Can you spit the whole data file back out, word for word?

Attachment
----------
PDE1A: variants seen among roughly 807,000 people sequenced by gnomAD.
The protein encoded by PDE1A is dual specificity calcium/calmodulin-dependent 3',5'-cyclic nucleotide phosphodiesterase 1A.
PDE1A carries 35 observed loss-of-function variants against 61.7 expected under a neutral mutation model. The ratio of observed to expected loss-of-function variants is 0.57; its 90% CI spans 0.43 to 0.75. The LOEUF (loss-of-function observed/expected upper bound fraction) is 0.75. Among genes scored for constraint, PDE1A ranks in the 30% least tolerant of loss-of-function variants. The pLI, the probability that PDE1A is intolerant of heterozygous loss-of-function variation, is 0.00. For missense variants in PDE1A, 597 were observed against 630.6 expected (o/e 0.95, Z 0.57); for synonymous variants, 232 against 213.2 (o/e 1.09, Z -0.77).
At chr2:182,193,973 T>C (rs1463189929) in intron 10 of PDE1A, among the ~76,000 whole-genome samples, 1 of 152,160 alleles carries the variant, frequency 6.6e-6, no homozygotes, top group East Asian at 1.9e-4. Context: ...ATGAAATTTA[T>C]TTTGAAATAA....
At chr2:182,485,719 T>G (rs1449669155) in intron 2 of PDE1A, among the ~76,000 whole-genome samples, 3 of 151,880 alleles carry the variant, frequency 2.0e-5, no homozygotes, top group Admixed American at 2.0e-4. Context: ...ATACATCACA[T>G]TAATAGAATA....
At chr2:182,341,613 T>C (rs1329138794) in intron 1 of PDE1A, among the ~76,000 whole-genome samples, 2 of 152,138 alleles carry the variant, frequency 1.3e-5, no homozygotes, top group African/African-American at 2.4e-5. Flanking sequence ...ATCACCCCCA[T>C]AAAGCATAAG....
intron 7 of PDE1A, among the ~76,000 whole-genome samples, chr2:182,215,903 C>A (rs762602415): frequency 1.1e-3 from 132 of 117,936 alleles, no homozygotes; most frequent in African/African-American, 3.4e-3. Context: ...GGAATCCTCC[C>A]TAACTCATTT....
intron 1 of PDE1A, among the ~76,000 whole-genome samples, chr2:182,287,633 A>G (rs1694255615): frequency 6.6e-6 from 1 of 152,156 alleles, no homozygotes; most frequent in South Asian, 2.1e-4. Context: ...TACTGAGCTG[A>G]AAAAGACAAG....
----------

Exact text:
PDE1A: variants seen among roughly 807,000 people sequenced by gnomAD.
The protein encoded by PDE1A is dual specificity calcium/calmodulin-dependent 3',5'-cyclic nucleotide phosphodiesterase 1A.
PDE1A carries 35 observed loss-of-function variants against 61.7 expected under a neutral mutation model. The ratio of observed to expected loss-of-function variants is 0.57; its 90% CI spans 0.43 to 0.75. The LOEUF (loss-of-function observed/expected upper bound fraction) is 0.75. Among genes scored for constraint, PDE1A ranks in the 30% least tolerant of loss-of-function variants. The pLI, the probability that PDE1A is intolerant of heterozygous loss-of-function variation, is 0.00. For missense variants in PDE1A, 597 were observed against 630.6 expected (o/e 0.95, Z 0.57); for synonymous variants, 232 against 213.2 (o/e 1.09, Z -0.77).
At chr2:182,193,973 T>C (rs1463189929) in intron 10 of PDE1A, among the ~76,000 whole-genome samples, 1 of 152,160 alleles carries the variant, frequency 6.6e-6, no homozygotes, top group East Asian at 1.9e-4. Context: ...ATGAAATTTA[T>C]TTTGAAATAA....
At chr2:182,485,719 T>G (rs1449669155) in intron 2 of PDE1A, among the ~76,000 whole-genome samples, 3 of 151,880 alleles carry the variant, frequency 2.0e-5, no homozygotes, top group Admixed American at 2.0e-4. Context: ...ATACATCACA[T>G]TAATAGAATA....
At chr2:182,341,613 T>C (rs1329138794) in intron 1 of PDE1A, among the ~76,000 whole-genome samples, 2 of 152,138 alleles carry the variant, frequency 1.3e-5, no homozygotes, top group African/African-American at 2.4e-5. Flanking sequence ...ATCACCCCCA[T>C]AAAGCATAAG....
intron 7 of PDE1A, among the ~76,000 whole-genome samples, chr2:182,215,903 C>A (rs762602415): frequency 1.1e-3 from 132 of 117,936 alleles, no homozygotes; most frequent in African/African-American, 3.4e-3. Context: ...GGAATCCTCC[C>A]TAACTCATTT....
intron 1 of PDE1A, among the ~76,000 whole-genome samples, chr2:182,287,633 A>G (rs1694255615): frequency 6.6e-6 from 1 of 152,156 alleles, no homozygotes; most frequent in South Asian, 2.1e-4. Context: ...TACTGAGCTG[A>G]AAAAGACAAG....